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Review: 'The Woman Who Went Into Space as a Man' shares the true story of cyber-punk author with a big secret

Review: 'The Woman Who Went Into Space as a Man' shares the true story of cyber-punk author with a big secret
Ashley Steed, left, Paula Rebelo and Betsy Moore in "The Woman Who Went to Space as a Man." (Son of Semele Ensemble)

Writer-director Maureen Huskey leaves no genre unexploited in her experimental new play, “The Woman Who Went to Space as a Man” at Son of Semele Theater.

Huskey’s mind-bendingly complex mélange leaves one grasping for descriptors that could give potential theatergoers some notion of what they are in for.

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On the surface, the play charts the life of Alice B. Sheldon, best known as science fiction writer James Tiptree, Jr., whose testosterone-infused “cyber-punk” stories broke new ground in the form. Although she corresponded prolifically with fellow sci-fi writers and fans, Sheldon kept her identity – and her gender — a carefully guarded secret. Tiptree’s works were so hyper-masculine in tone that the revelation of her sex sent shock waves throughout the sci-fi community, sparking passionate debates among followers and fans regarding the role of gender in literature.

The action opens as Sheldon, surrounded by her fictional characters, contemplates suicide. From the first scene onward, it’s evident that Sheldon’s life was as unlikely as her stories, and Huskey swiftly captures the sweep of her subject, from her childhood spent junketing to Africa with her travel-writer mother, to her years in the military, to her dalliances with women and men alike. An enigma who came to writing late in life, Sheldon was only “lit up” by women yet had a long and loving marriage to a man who, as both went into sad decline, ended in a murder/suicide — a tragedy oddly elided in this piece.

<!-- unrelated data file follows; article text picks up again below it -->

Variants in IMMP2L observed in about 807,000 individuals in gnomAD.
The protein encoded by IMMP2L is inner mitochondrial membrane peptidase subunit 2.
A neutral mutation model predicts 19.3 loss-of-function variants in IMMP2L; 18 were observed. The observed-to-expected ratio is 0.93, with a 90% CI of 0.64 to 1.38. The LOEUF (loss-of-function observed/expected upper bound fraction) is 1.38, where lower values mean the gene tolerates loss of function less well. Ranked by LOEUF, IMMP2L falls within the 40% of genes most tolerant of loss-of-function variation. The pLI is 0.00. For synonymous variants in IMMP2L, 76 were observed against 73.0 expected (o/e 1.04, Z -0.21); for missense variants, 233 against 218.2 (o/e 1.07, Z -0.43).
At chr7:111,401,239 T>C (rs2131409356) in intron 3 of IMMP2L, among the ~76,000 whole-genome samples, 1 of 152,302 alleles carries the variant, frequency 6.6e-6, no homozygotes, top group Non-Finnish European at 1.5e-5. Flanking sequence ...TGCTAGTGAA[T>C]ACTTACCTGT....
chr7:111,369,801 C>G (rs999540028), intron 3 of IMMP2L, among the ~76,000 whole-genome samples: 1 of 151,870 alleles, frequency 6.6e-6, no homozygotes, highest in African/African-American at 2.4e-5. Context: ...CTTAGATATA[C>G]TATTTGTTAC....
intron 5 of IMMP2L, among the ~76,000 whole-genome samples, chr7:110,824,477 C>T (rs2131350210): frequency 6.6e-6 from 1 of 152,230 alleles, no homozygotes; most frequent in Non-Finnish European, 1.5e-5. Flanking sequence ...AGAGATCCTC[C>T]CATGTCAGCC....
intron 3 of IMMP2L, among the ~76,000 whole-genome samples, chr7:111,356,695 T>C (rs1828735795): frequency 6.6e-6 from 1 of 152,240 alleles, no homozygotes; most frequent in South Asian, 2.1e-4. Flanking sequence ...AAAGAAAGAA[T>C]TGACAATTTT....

The play, which features appropriately unearthly original music by Yuval Ron, vaults between bio-drama and the pulp stories of which Sheldon was so fond, with a hint or two of Weimar cabaret thrown in for good measure.

A web-like structure overhead, part of Eli Smith’s rudimentary set design, is twanged and manipulated by the cast to vaguely metaphoric effect. Martín Carillo’s sound and Rose Malone’s lighting, both splendid, are integral to the shifting moods, while Lena Sands’ costumes, of which there are many, range from the serviceable to the distractingly glitzy.

Sheldon is played by three different actors — Isabella Ramacciotti as the child Alice, Paula Rebelo as Alice in young adulthood, and Betsy Moore as the older Alice, whose intense collaboration with her male alter-ego Tiptree (James Ferrero) brings her belated fame.

Under Huskey’s guidance and Richard An’s musical direction, the entire cast functions as a seamless ensemble, from realistic emotional interchanges to precisely mechanized group choreography, sort of Grotowski movement exercises by way of the Rockettes. And although the pulp elements of the piece sometimes run away with the narrative, this nearly indescribable fusion of text, music, movement and fantasy takes us inside the mind of a fascinating woman, whose refusal to be hampered by the conventions of her times led her through uncharted territory and new frontiers.

“The Woman Who Went to Space as a Man,” Son of Semele Theater, 3301 Beverly Blvd., Los Angeles. 7 p.m. Tuesdays; 8 p.m. Fridays and Saturdays; 5 p.m. Sundays. Ends Nov. 18. $25. (818) 841-5422. www.sonofsemele.org. Running time: 1 hour, 35 minutes.

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